To utilize the functionality of a router, traffic must pass through it
(i.e.: your devices on the LAN side, the ISPs devices on the WAN side).
My earlier post explained why you can not access the management
interface from your host.

Right now you have the equivalent functionality of a wireless Access
Point with the exception that you can't even effectively manage it.

Ideally you would return the router to the non-friend, get your money
back, and buy another wireless router.

If that can not be done, consider the following two options:

Option A: Buy another wireless router with the appropriate WAN
interface. Sell the existing router to someone who actually needs a
router with a DSL WAN interface.

Option B: Buy a "non-wireless" router with the appropriate WAN
interface. Attach the existing wireless router to it (LAN port of one
device to LAN port of the other) using a "cross-over" Ethernet cable.
The wireless router will provide the wireless connectivity. The
non-wireless router would provide the security. In order for this to
work you would need the LAN IP addresses of the two routers to be on the
same network (e.g.: 192.168.1.0). HOWEVER, the two IP addresses must NOT
be the same (e.g.: 192.168.1.1, 192.168.1.2). You would then be able to
manage both devices from your host.

If you pursued option B, you would want to configure the two routers to
have different IP addresses PRIOR to connecting the two routers together
as described above. If they were connected together and had the same IP
address, you would not succeed in configuring them.

Option A would be simpler, and easier for you to implement based on your
skill set.

See if you can return the router to the non-friend. If that fails, I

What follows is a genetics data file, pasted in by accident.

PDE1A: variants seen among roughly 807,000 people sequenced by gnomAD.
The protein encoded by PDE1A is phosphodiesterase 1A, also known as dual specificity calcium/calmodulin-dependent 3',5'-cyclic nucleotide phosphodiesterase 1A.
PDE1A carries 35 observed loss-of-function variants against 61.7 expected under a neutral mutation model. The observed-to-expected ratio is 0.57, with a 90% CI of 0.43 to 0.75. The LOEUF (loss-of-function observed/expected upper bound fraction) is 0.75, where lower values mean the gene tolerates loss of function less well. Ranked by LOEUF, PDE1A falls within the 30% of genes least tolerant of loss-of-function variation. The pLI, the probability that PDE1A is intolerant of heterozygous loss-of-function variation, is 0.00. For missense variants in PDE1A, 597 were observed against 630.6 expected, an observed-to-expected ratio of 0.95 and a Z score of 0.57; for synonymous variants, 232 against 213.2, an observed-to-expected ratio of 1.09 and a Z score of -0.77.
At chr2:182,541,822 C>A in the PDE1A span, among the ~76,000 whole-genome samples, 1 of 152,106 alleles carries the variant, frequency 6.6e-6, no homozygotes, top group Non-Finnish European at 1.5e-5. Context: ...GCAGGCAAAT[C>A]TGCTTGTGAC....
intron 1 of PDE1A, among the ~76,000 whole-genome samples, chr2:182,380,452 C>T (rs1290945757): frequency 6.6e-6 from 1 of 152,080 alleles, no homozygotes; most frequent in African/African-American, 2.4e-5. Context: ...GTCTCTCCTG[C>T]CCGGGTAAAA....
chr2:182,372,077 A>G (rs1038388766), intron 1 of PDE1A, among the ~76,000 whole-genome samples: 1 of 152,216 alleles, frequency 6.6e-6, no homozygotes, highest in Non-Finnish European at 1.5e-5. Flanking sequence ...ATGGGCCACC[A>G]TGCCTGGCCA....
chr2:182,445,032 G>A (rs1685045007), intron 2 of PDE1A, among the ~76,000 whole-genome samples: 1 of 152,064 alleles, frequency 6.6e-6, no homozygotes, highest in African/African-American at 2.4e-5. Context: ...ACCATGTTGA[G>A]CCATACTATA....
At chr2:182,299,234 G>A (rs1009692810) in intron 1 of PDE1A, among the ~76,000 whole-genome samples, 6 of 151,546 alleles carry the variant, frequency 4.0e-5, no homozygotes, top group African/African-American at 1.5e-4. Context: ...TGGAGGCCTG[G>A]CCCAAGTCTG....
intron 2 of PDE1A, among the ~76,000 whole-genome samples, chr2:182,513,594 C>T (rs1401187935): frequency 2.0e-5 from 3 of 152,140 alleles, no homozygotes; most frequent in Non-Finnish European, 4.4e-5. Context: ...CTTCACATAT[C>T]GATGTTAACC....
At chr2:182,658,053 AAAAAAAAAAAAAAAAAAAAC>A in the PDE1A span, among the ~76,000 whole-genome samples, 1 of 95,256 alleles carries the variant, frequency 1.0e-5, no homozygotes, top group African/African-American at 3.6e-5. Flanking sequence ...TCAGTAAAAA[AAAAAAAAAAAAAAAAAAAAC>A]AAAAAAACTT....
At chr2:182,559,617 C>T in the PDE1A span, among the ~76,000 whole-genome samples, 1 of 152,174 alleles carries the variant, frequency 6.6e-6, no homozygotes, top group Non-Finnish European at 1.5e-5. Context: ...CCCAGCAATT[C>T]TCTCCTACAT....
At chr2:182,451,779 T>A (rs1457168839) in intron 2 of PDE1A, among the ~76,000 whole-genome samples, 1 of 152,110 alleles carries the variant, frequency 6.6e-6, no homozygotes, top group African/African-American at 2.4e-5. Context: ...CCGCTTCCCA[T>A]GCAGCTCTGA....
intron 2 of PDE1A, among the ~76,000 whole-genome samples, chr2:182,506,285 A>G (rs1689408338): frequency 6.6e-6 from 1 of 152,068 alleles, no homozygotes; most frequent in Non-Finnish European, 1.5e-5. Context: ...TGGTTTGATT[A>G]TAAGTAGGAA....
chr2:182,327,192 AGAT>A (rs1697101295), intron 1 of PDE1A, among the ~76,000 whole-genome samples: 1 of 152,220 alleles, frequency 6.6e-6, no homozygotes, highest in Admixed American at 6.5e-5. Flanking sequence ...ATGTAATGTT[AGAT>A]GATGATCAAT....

suggest you pursue Option A.

It's unfortunate that the manufacturer is not committed to providing
adequate documentation. Typically, I would avoid buying products from
such manufactures. If they can't meet their obligations, I can't be
bothered buying their product (not even second hand).

Best Regards,
News Reader

nam-kha@hotmail.co.uk wrote:
> OK Thanks, I have 4 lan ports on the back of the router and a dsl port
> with a different type of connector. Guy I bought the router from said
> just use lan 1. Assuming (correct me if i'm wrong) the dsl port is
> what you call the wan port, what cabling do i need? I don't want to
> break the isp provided lan cat5 lead that originally plugged straight
> into the lan port on my pc
>
> btw, i did not get a manula with the router, i bought it second hand.
> I have downloaded both uk and spanish manuals from e-tech website, but
> they are only 2 pages long and don't really help
>
> Many thanks,
>
> nam-kha
>
> On 27 Mar, 21:28, News Reader <u...@domain.null> wrote:
>> You have connected the ISPs device to the first of four LAN ports.
>>
>> This is incorrect!
>>
>> You connect ISP equipment to the WAN port. Your wired equipment gets
>> connected to the LAN ports. Your wireless also connects to the LAN side
>> of the router via RF (wireless).
>>
>> The purpose of a router is to sit between two networks and facilitate
>> connections between them. Also, if traffic is not passing through the
>> router, how do you expect to derive the security benefits of the router?
>>
>> What you want is for the router's WAN port to acquire an IP address from
>> a DHCP server of your ISP. Your host (computer) would acquire an IP
>> address from the DHCP server within the router. The host would then have
>> an IP address on the same network (192.168.1.0) as the router's web
>> server interface, and you would be able to access the web interface.
>>
>> Right now, your host has an IP address from your ISP's network (not
>> 192.168.1.0), and doesn't know how to reach the router's web interface.
>>
>> Correct your cabling.
>>
>> Configure your host with a static IP address (e.g.: 192.168.1.2)